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The True Heroes

Did I identify as an Old World Roman Catholic from Hungary or not?
FOTO:FORTEPAN / Jezsuita Levéltár, CC BY-SA 3.0 <https://creativecommons.org/licenses/by-sa/3.0>, via Wikimedia Commons
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Did I identify as an Old World Roman Catholic from Hungary or not?

My name is Andrea Elise and I live in Amarillo, Texas. I’m here to talk about Persepolis, a two-part autobiographical narrative by Marjane Satrapi.

My name is Andrea Elise and I live in Amarillo, Texas. I’m here to talk about Persepolis, a two-part autobiographical narrative by Marjane Satrapi.

This graphic novel is a multi-layered reading, one full of interesting explorations of religion, warfare, education, socio-economic status and identity. In the novels, Marjane depicts her childhood up to age 24 in Iran and Austria during and after the Islamic Revolution.

My review will mostly involve my personal background vis a vis Marjane’s experiences and feelings.

One of the main points of the novel is to break stereotypes of cultures different from our own and to normalize conflict and belonging as a way of life, not just in the Middle East.

As an immigrant from Hungary during the 1956 Hungarian revolution, I know all too well the conflicting emotions of belonging and not belonging. One is constantly looking for an identity and a sense of place.

As Marjane depicts in her coming-of age story, a child can have more than one identity in her core. Marjane sees herself as being part of a modern family with understanding parents and, at the same time, she wishes (early on anyway) that she could be a prophet.

She loves technological devices but she also loves the Veil.

In my case, the Veil can be replaced with a hidden inability to speak English. Children were not kind in kindergarten when I said, “Hail Mary, full of Grapes” instead of “Grace.” What can a 5-year-old child know about Grace anyway, I wondered?

Radio Readers BookByte contributor Andrea Elise as a child in Hungary.
Andrea Elise
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Radio Readers BookByte contributor Andrea Elise as a child in Hungary.

Like Marjane, I wasn’t sure how to identify myself: old world Roman Catholic and all that entails, or a different way of looking at the new world around me.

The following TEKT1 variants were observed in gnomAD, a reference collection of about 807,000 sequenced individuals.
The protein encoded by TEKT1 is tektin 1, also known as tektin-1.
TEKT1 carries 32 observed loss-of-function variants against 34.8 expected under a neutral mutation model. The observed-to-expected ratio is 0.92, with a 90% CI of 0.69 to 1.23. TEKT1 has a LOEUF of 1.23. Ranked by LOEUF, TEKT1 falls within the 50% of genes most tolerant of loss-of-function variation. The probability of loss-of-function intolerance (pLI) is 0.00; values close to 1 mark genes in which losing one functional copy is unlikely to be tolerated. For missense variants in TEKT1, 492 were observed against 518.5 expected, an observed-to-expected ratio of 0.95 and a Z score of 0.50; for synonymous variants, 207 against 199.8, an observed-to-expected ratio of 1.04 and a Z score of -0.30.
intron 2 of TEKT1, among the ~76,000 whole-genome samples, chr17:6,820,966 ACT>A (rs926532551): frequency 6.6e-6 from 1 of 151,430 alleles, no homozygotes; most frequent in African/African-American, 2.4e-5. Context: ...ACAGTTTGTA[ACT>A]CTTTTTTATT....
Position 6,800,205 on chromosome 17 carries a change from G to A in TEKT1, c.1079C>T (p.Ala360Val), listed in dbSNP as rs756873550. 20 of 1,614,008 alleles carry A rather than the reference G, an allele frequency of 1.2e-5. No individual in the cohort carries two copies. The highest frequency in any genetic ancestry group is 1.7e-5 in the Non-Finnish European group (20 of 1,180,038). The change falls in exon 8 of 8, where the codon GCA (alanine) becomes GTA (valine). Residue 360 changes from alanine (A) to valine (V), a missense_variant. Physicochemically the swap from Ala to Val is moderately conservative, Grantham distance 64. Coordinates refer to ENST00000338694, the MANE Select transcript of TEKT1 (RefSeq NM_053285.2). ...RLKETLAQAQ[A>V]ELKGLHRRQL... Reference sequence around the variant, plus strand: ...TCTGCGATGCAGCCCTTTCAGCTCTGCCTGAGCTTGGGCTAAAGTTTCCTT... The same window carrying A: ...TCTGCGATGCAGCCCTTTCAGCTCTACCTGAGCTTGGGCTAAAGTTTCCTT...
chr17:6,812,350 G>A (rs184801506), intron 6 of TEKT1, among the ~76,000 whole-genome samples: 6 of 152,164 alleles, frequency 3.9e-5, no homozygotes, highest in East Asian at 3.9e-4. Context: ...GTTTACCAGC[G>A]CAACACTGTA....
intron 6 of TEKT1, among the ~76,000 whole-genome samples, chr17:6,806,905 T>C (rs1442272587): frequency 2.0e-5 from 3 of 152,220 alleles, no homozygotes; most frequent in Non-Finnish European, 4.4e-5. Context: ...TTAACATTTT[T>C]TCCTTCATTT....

I also experienced stereotyping when I was a Peace Corps teacher in South Korea from 1977 – 1979. Many Koreans viewed Westerners in a way similar to how revolutionary extremists in Iran viewed others. Western women in particular were seen as loose and dishonorable, as portrayed in movies Koreans watched at the time.

Grief is also a central theme in the novel. So many people Marjane knew were tortured and killed. The deaths of her maid, Uncle Anoosh and her Jewish friend are particularly shocking. What that must do to a young girl’s mind and spirit is heartbreaking.

As an immigrant, I also knew the feeling of loss all too well. You grieve for the people who are no longer in your life (in my case, grandparents who helped raise me), and you also sense the grief of your parents who gave up everything to leave their homeland, family and friends to attempt a better life.

When Marjane was growing up, a golden key was the ticket to Paradise and those lucky to die in war received that key since they were martyrs for Islam. In my case, martyrs were also revered as higher beings. However, in Roman Catholicism, a martyr did not have to go to war for God but had to affirm God’s existence and teachings when challenged.

Still, being a martyr is a demanding concept for anyone, especially a child. Why should children be exposed to that notion? Doesn’t it take away the innocence and purity that a child should possess to be emotionally healthy?

I agree with Marjane’s conclusion in the first book that heroes do not have to be imprisoned, tortured or die. Instead, the people who protect their families at critical times: They –They are the true heroes.

This is Andrea Elise for HPPR Radio Readers Book Club.

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Spring Read 2022: Graphic Novels—Worth a Thousand Words 2022 Spring ReadHPPR Radio Readers Book Club
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